Presentation on theme: "How to give a lecture Course for Young Psychiatrists, Nairobi, 23 rd March 2007 David Goldberg Institute of Psychiatry King’s College, London."— Presentation transcript:
How to give a lecture Course for Young Psychiatrists, Nairobi, 23 rd March 2007 David Goldberg Institute of Psychiatry King’s College, London
General technique Decide exactly how many minutes you have If you are going to use slides, prepare them first By yourself, try saying everything you want to say and time it carefully. It probably takes far too long! How many minutes too long?
Shortening the lecture Which slides will you cut out? Remove them, and try again. Remember, the audience does not need to know everything that you know! What is the message? The title should relate to the AIM of a short lecture, and should command the audience’s attention! Keep repeating the lecture until it is slightly too short.
Your slides: 1 Only show what you want the audience to see. Cut out everything else Maximum 6 lines; max 40 letters per line They must be able to read ALL of it at the back Label all graphs, show clearly what the axes are Label all tables: don’t use published formats
Your slides : 2 Keep it simple – not too many colours Use legible fonts – Arial, Tahoma – this one is Comic Sans Serif These fonts are not so good: Times Roman; or Courier Don’t use distracting devices – animated cartoons, or complicated background
So, here is a good slide Only a few sentences You can read them at the back of the lecture theatre Only two colours Nothing fancy!
20 30 40 50 60. Males, drug or alcohol dep. Males, any internalising CMD Females, any internalising CMD Females, drug or alcohol dep. 30% 20% 10% 0% And here is a graph: note – NO KEY, graphs labelled using colour and individual labels
Learn the beginning and the end by heart You will be much less nervous if you do! Decide how you will greet the audience, and start by telling them what the aim of your talk is. Do not use notes for this bit! The lecture must end on a firm, interesting note. What are the implications of what you have said. Once more, learn this by heart
Trying the lecture out! Rehearsal, preferably in front of your partner or a close friend, is essential did the audience understand what you were trying to say? were there things they did not understand? were you stuck in your notes? Did you look at the audience at all? Ask them!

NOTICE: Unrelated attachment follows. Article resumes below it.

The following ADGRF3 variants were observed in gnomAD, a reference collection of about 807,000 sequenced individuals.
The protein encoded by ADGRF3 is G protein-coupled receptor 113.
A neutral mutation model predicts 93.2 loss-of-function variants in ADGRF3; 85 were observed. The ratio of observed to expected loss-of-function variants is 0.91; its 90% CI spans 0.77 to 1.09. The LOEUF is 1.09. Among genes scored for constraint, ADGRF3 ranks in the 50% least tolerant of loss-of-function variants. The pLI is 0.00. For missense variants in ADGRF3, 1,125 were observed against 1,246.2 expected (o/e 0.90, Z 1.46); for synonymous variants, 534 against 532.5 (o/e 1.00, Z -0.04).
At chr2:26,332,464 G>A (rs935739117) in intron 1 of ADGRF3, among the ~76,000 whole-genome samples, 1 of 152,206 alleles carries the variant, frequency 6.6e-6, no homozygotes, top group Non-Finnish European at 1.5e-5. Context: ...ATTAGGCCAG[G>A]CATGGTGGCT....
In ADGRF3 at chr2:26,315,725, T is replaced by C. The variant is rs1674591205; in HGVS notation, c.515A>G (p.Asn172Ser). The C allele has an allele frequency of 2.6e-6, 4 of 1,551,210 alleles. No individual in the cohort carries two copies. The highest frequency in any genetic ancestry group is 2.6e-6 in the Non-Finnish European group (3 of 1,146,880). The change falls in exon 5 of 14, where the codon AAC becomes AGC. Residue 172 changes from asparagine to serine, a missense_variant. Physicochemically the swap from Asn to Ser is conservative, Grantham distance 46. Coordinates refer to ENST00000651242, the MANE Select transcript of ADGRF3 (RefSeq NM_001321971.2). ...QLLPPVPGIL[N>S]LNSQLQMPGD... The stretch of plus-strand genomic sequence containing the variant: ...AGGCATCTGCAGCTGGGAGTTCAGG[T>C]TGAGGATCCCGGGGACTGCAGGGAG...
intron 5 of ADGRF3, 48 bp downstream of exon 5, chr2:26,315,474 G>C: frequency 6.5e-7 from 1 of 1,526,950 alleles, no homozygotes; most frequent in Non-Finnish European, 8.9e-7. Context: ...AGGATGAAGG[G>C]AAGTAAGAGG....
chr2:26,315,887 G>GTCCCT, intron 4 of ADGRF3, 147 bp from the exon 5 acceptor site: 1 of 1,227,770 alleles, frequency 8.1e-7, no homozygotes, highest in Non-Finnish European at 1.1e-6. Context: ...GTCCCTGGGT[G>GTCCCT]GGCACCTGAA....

Well before the lecture.. Do you know where the lecture will be held? How to get there? Whether they have audio-visual equipment that you will need? If in doubt, take material in two formats – power point and transparencies. Take TWO copies of your disc!
Will you be using notes? You certainly will NOT be reading from them! No notes at all is best - just use the slides to remind yourself of what you need to say If lecturing in a foreign language, repeated rehearsals are necessary, with someone you speaks the language well listening IF you must have notes, use a small deck of cards 8 x 12 cm with main points on them
On the day.. Get there early. If there is an audio-visual technician, get to know him, and get him to show the materials for you. Agree how you are going to ask for “next slide” Familiarise yourself with any controls, pointer &c.
How to stand.. Legs slightly apart, weight on both legs is best. If using a computer, you must be able to see it. Keep your hands visible, between shoulders and waist. Symmetrical movements best If nervous, hold something
How to speak.. Speak clearly, and not too fast or slow. Make sure that everyone can hear you if you are not sure Make eye contact with your audience – this is VERY IMPORTANT. If you are using notes, look up whenever you can
Using the pointer.. Hold this in one hand, and brace it with the other arm – in this way your tremor will not be visible DON’T turn round to look at the screen unless you are pointing something out with the pointer The only things worth pointing out are graphs and numbers: Do NOT point out text you are reading out!
If you go over your time.. 1.Tell the Chairman you will finish in one minute 2. Jump to your main conclusion 3. End the lecture as you would have done